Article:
Apr 27, 2022 - Energy & Environment

Coal has lots of staying power

Illustration of half of an Earth and half of a rounded piece of coal forming a whole circle.

Illustration: Aïda Amer/Axios

There's a huge gap between the persistence of coal consumption and rapid moves away from the most carbon-heavy fuel needed to keep global climate goals viable.

Driving the news: Fresh data and reporting offer a window into long-term trends, but also recent changes spurred by Russia's war on Ukraine.

The big picture: Global coal-fired power rebounded last year to record levels amid high natural gas prices and economic revival from the pandemic, per the International Energy Agency and data-tracking green group Ember.

  • And now the crisis in Europe is pushing in the same direction, even as EU leaders hope to speed their clean energy transition.
  • "Russia’s invasion...turbocharged the coal market, setting off a domino effect that’s leaving power producers scrambling for supply and pushing prices to record levels," Bloomberg reports.
  • It notes higher coal-fired power use in China — the world's biggest consumer — and other large users including the U.S., India, the European Union, and elsewhere in Asia.
  • AP reports China is "promoting coal-fired power as the ruling Communist Party tries to revive a sluggish economy."

Zoom in: The group Global Energy Monitor (GEM) this week published its latest data on coal-fired power plant development and shutdowns.

  • 2021 saw another 18.2 gigawatts (GW) of capacity added to the world's operating coal plant fleet of roughly 2,100 GW, while shut-downs slowed.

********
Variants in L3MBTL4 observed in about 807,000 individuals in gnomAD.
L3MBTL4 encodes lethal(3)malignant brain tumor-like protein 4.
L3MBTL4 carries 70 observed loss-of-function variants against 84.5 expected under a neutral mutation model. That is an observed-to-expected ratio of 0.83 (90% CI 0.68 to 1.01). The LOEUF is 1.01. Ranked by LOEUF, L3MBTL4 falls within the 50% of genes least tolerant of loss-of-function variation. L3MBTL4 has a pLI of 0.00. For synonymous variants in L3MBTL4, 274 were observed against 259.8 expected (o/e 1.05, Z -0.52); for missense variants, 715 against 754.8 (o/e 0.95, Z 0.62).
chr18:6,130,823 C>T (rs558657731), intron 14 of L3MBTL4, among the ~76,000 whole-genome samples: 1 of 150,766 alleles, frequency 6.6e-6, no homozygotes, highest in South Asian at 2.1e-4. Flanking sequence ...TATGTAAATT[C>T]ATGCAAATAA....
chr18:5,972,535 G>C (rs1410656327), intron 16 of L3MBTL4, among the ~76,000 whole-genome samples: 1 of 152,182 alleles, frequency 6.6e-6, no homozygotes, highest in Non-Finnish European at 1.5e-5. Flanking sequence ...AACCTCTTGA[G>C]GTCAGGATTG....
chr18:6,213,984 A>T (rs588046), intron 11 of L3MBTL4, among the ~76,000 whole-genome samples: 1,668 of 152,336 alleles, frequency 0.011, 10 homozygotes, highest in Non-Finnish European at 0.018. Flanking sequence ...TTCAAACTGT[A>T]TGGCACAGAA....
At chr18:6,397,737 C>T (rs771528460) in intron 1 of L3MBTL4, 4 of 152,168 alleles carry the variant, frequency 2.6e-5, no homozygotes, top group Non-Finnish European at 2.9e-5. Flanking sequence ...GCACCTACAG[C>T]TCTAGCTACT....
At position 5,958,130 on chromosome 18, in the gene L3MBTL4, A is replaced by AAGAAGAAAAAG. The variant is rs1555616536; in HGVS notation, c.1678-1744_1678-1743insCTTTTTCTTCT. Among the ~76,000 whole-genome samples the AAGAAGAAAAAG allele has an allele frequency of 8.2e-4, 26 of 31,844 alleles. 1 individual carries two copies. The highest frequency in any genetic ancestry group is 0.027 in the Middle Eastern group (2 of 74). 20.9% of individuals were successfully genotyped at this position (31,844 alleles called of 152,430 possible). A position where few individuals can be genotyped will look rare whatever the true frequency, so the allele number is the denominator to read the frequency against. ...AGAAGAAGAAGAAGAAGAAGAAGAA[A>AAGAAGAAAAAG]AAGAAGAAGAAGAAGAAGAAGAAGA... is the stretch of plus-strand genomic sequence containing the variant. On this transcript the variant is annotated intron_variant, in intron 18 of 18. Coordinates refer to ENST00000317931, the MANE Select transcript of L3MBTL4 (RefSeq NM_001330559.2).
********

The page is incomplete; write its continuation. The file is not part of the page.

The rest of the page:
• Another 176 GW of capacity is under construction, per the report from GEM, the Centre for Research on Energy and Clean Air, the climate think tank E3G and other groups.
  • China is driving new plant development. But the report also notes some developed nations plan to operate plants "far beyond the deadlines required by climate science."

Threat level: None of this meshes with holding global warming below potentially catastrophic levels."New investments in coal-fired electricity without [carbon capture and storage] are inconsistent with limiting warming to 2°C or 1.5°C," UN-convened scientists said in a major report this month.

Yes, but: GEM sees bright spots in coal phaseout and climate commitments ahead of, and at, last year's UN climate summit.

  • "Only 170 plants (89 GW), or 5% of the operating fleet today, are not covered by a phase-out date or carbon neutrality target," they find.
  • "Still, few of these plants are scheduled to retire on the timelines required by the Paris climate agreement."

Charting coal additions and subtractions

Global coal-fired power plant <br><span style="background:#054f9f; padding:3px 5px;color:white;">commissioning</span> and <span style="background:#ffbc3b; padding:3px 5px;color:white;">retiring</span>
Reproduced from Global Energy Monitor, et al., 2022, "Boom and Bust Coal 2022"; Chart: Axios Visuals

The amount of coal-fired generating capacity brought online last year fell, but again outpaced retirements, new data from Global Energy Monitor shows.

  • Over half the newly added capacity is in China.
  • The report also finds significant amounts in the development and planning stages.
Go deeper